More often than not, the million-dollar question at the round table for a rebrand or reposition is: “What about Brand X makes it different from the competition?”
Uncovering the difference in brand is often synonymous with uncovering a creative “hook.”
Unfortunately, this approach can lead to roadblocks and frustration throughout the creative process.
CPG categories are seeing more innovation to meet new post-COVID era consumer health needs, and therefore becoming more saturated. What was once a true fundamental product difference, is now table stakes.
For example, coffee. The beans are all 100% organic arabica. They are the best quality beans out there. Harvested by local experts. The company is fair trade. The cold brew version is made with real oat milk. The product is simply stellar!
But many companies fall into the better mousetrap hole where they claim differentiation by claiming superiority for product qualities that already exist across brands (we are different because we have better beans, we are actually organic).
This approach not only dilutes trust with consumers, but it also isn’t memorable to consumers. And it creates insurmountable challenges when it comes to creative — writing and designing to something that already exists but is just “better.”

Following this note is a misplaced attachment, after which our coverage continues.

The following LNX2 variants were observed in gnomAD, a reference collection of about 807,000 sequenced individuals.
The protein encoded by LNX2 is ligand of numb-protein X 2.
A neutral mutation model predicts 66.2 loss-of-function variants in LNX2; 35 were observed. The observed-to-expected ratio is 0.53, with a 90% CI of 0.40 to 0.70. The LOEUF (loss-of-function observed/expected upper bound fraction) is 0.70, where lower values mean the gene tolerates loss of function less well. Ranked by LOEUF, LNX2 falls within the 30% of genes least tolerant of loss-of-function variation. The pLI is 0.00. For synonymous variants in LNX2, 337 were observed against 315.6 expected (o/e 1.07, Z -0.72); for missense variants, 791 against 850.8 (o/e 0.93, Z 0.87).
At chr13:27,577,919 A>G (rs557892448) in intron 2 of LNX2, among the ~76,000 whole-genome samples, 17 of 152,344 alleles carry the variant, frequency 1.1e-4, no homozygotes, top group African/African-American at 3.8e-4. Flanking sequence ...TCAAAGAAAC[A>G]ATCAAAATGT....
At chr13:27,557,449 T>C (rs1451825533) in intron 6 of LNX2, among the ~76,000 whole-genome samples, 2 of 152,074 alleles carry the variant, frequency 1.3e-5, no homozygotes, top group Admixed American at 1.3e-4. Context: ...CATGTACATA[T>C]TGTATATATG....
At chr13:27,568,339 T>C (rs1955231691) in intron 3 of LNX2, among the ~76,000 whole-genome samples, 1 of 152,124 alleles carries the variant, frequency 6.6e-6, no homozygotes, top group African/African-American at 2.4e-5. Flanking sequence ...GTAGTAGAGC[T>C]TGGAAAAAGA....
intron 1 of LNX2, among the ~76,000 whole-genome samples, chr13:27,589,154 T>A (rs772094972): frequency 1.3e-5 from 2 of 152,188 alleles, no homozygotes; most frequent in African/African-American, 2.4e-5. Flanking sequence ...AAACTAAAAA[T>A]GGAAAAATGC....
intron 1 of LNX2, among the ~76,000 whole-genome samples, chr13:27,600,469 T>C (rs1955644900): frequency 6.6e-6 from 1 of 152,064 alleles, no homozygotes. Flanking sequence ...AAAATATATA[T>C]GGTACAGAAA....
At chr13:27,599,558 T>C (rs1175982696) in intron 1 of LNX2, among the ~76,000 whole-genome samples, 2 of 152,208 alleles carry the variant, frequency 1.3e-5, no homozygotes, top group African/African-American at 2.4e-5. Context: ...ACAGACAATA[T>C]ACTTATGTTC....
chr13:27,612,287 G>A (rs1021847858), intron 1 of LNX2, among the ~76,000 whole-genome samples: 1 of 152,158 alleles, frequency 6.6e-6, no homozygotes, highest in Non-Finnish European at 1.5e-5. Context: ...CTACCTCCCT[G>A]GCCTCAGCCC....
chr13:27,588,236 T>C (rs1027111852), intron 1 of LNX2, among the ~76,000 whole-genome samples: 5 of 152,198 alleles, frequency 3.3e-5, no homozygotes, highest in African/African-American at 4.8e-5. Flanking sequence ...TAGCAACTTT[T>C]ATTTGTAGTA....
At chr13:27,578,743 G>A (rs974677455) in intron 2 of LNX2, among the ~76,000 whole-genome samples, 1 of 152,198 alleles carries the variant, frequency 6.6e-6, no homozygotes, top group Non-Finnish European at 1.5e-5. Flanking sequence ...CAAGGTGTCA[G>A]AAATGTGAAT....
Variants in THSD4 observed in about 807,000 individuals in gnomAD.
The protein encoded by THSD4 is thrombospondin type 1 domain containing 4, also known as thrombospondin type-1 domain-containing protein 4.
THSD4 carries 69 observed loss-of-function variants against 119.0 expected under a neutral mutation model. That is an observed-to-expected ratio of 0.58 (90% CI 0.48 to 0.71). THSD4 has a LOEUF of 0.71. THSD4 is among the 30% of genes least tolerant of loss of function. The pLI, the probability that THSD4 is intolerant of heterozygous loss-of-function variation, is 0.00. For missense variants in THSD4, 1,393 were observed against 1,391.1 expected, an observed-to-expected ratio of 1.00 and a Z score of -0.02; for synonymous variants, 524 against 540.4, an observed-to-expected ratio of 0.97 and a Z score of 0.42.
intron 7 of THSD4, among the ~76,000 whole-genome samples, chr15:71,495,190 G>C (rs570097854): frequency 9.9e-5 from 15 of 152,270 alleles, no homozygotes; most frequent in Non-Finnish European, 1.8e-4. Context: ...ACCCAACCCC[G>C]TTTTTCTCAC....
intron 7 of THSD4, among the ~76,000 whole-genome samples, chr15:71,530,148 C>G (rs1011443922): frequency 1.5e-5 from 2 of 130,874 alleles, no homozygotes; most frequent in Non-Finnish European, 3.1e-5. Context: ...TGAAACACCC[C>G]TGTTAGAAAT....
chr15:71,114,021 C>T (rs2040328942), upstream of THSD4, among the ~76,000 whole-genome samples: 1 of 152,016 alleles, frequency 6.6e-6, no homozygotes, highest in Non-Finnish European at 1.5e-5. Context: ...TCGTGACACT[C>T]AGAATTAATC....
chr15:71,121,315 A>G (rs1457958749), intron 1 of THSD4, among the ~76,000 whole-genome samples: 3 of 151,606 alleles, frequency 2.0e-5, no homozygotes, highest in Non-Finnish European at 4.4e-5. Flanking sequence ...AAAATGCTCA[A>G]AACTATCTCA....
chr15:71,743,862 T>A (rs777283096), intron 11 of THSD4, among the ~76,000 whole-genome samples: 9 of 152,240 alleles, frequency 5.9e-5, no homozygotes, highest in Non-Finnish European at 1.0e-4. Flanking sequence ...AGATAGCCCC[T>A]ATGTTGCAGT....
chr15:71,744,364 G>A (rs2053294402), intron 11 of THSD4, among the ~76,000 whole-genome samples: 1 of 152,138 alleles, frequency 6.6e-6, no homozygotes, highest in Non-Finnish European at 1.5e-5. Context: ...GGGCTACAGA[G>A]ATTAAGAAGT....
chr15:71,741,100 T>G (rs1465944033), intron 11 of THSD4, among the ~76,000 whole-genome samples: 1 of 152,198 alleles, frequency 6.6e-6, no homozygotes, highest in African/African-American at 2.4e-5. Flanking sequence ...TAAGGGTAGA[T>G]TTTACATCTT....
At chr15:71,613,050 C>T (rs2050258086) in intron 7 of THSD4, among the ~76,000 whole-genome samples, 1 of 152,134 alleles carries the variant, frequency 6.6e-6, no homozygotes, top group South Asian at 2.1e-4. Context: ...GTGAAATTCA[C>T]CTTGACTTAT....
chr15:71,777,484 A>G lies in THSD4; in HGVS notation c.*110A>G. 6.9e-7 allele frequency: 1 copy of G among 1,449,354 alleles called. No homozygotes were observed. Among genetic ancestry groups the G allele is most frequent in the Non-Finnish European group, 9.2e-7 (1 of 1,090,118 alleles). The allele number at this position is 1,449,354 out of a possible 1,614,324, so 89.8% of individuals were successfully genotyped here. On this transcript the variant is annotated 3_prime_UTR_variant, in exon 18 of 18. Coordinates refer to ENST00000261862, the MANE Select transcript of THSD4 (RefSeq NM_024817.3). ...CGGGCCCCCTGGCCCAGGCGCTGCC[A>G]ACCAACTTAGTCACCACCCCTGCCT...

Category innovation happens in cycles, where competition eventually catches up, and there is something “better” to be had.
What is memorable to consumers, and more timeless in industries, is distinction in brand.
Distinction most notably comes in the forms of persona and nuance:
Persona: A brand personality and character can set the stage for an entirely different experience than other category competition. It has a distinct point of view that comes to life in a distinctive way – just like a real person.
Nuance: Instead of claiming expertise in everything (taste, ingredients, packaging, procurement), claim expertise in a few things. A few things that will stick in a buyer’s mind, garner trust and make your claims more believable.
Differentiation in saturated categories cannot carry a compelling brand story. But distinction can.